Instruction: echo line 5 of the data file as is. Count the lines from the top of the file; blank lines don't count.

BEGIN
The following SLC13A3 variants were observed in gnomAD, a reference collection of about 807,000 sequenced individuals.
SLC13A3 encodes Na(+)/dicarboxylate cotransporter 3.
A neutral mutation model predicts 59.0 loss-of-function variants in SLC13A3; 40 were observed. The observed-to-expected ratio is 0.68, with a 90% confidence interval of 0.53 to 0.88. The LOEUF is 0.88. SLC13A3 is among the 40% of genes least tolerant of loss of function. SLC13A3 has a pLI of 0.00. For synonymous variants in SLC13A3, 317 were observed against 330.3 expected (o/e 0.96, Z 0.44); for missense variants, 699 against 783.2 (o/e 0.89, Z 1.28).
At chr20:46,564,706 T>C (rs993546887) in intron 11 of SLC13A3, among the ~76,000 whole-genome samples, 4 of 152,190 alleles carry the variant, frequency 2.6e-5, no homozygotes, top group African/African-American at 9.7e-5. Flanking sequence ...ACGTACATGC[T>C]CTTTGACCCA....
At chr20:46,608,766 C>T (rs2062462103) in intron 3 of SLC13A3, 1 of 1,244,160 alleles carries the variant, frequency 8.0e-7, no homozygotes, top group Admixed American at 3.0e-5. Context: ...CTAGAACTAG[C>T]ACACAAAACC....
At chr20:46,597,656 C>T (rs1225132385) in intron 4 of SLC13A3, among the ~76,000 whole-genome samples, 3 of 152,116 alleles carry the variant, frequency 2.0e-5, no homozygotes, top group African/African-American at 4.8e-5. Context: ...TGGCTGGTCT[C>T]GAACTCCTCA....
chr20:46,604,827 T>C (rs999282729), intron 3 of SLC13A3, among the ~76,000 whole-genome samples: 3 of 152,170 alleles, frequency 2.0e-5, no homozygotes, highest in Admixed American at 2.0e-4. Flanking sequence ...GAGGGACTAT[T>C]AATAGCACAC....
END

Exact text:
At chr20:46,608,766 C>T (rs2062462103) in intron 3 of SLC13A3, 1 of 1,244,160 alleles carries the variant, frequency 8.0e-7, no homozygotes, top group Admixed American at 3.0e-5. Context: ...CTAGAACTAG[C>T]ACACAAAACC....